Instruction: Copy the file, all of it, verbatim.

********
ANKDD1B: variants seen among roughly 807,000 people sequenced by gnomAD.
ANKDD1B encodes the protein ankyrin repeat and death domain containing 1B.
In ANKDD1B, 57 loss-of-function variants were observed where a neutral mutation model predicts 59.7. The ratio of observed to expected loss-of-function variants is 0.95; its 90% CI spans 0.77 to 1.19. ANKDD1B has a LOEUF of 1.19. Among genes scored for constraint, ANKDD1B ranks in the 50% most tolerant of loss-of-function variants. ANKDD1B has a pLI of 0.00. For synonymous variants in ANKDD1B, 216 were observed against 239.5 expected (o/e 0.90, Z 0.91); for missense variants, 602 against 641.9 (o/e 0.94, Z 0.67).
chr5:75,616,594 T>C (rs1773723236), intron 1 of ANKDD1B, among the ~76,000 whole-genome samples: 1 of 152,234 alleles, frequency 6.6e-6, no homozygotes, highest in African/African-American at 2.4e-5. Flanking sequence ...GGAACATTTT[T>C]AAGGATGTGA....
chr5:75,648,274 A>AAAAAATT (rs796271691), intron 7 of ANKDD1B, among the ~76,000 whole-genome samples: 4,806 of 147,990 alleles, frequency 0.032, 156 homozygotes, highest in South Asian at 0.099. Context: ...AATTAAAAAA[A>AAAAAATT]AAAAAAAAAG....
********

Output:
ANKDD1B: variants seen among roughly 807,000 people sequenced by gnomAD.
ANKDD1B encodes the protein ankyrin repeat and death domain containing 1B.
In ANKDD1B, 57 loss-of-function variants were observed where a neutral mutation model predicts 59.7. The ratio of observed to expected loss-of-function variants is 0.95; its 90% CI spans 0.77 to 1.19. ANKDD1B has a LOEUF of 1.19. Among genes scored for constraint, ANKDD1B ranks in the 50% most tolerant of loss-of-function variants. ANKDD1B has a pLI of 0.00. For synonymous variants in ANKDD1B, 216 were observed against 239.5 expected (o/e 0.90, Z 0.91); for missense variants, 602 against 641.9 (o/e 0.94, Z 0.67).
chr5:75,616,594 T>C (rs1773723236), intron 1 of ANKDD1B, among the ~76,000 whole-genome samples: 1 of 152,234 alleles, frequency 6.6e-6, no homozygotes, highest in African/African-American at 2.4e-5. Flanking sequence ...GGAACATTTT[T>C]AAGGATGTGA....
chr5:75,648,274 A>AAAAAATT (rs796271691), intron 7 of ANKDD1B, among the ~76,000 whole-genome samples: 4,806 of 147,990 alleles, frequency 0.032, 156 homozygotes, highest in South Asian at 0.099. Context: ...AATTAAAAAA[A>AAAAAATT]AAAAAAAAAG....